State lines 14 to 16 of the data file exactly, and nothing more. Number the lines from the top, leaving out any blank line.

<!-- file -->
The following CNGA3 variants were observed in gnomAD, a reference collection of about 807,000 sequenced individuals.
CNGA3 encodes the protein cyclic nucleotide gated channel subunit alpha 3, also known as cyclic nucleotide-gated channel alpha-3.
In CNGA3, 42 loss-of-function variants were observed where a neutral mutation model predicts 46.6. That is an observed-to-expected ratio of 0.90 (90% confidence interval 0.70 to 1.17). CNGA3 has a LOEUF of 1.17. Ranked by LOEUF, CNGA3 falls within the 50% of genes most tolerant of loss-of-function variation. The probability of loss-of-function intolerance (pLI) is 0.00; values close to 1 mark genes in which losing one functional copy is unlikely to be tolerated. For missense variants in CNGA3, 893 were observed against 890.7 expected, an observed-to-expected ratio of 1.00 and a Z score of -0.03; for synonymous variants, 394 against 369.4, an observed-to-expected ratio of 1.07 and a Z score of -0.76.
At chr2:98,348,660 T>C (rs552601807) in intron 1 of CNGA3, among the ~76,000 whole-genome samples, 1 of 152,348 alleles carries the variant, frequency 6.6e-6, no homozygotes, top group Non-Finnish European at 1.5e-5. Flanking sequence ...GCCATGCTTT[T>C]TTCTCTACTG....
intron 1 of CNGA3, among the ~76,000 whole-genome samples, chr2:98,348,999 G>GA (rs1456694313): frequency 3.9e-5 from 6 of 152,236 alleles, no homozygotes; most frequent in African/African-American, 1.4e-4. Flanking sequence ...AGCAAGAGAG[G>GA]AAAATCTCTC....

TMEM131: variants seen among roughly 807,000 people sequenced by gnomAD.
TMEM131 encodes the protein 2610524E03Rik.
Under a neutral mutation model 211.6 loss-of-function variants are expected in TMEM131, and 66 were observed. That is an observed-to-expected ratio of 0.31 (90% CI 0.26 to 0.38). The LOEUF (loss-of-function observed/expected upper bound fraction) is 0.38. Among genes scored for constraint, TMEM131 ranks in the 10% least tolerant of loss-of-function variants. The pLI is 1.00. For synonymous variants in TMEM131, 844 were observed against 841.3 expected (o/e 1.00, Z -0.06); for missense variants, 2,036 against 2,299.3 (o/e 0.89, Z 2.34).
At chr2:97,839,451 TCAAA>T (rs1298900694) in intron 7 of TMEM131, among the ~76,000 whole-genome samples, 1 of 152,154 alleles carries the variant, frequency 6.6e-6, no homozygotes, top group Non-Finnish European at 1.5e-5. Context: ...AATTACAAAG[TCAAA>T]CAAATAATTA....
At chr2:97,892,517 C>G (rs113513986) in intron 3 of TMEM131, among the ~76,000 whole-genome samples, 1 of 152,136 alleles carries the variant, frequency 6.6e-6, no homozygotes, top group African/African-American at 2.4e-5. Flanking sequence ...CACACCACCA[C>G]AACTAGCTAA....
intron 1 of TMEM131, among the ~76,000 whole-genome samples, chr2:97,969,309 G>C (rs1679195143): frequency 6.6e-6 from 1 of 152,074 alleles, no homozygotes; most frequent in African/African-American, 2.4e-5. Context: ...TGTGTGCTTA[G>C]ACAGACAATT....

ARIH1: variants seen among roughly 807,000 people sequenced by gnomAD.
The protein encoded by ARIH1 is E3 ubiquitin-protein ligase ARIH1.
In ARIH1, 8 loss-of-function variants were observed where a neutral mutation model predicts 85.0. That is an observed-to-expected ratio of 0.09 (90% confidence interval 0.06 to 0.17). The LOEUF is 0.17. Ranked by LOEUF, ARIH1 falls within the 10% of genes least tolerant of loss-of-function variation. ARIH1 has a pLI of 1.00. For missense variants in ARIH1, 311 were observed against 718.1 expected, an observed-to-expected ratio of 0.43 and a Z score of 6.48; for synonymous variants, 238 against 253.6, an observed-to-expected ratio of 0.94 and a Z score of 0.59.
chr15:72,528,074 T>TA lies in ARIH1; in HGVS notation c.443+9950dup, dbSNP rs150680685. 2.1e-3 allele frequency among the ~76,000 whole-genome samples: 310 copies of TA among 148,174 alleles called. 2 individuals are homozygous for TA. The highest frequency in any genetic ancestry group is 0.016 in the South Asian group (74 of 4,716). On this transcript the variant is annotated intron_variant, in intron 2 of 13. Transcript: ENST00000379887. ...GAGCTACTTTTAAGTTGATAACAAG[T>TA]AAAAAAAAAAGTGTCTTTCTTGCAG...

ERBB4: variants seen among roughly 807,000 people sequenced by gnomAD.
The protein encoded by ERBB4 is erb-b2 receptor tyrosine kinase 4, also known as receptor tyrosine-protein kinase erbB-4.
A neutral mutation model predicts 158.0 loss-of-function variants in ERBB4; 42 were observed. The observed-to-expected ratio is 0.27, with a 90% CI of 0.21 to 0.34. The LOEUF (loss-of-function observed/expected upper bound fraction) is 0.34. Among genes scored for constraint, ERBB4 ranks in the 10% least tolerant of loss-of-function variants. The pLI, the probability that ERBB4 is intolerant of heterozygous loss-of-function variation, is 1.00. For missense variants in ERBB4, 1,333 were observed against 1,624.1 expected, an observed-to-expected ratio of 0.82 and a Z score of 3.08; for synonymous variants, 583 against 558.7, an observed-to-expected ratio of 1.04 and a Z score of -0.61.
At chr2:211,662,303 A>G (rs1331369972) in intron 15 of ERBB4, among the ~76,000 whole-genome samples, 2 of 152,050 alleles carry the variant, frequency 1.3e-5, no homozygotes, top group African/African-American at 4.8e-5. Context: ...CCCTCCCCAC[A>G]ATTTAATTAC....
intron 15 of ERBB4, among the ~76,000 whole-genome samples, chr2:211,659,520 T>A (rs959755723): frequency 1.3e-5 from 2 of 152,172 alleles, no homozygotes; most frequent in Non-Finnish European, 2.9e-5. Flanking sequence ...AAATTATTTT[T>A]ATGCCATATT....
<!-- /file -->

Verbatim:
In ARIH1, 8 loss-of-function variants were observed where a neutral mutation model predicts 85.0. That is an observed-to-expected ratio of 0.09 (90% confidence interval 0.06 to 0.17). The LOEUF is 0.17. Ranked by LOEUF, ARIH1 falls within the 10% of genes least tolerant of loss-of-function variation. ARIH1 has a pLI of 1.00. For missense variants in ARIH1, 311 were observed against 718.1 expected, an observed-to-expected ratio of 0.43 and a Z score of 6.48; for synonymous variants, 238 against 253.6, an observed-to-expected ratio of 0.94 and a Z score of 0.59.
chr15:72,528,074 T>TA lies in ARIH1; in HGVS notation c.443+9950dup, dbSNP rs150680685. 2.1e-3 allele frequency among the ~76,000 whole-genome samples: 310 copies of TA among 148,174 alleles called. 2 individuals are homozygous for TA. The highest frequency in any genetic ancestry group is 0.016 in the South Asian group (74 of 4,716). On this transcript the variant is annotated intron_variant, in intron 2 of 13. Transcript: ENST00000379887. ...GAGCTACTTTTAAGTTGATAACAAG[T>TA]AAAAAAAAAAGTGTCTTTCTTGCAG...

ERBB4: variants seen among roughly 807,000 people sequenced by gnomAD.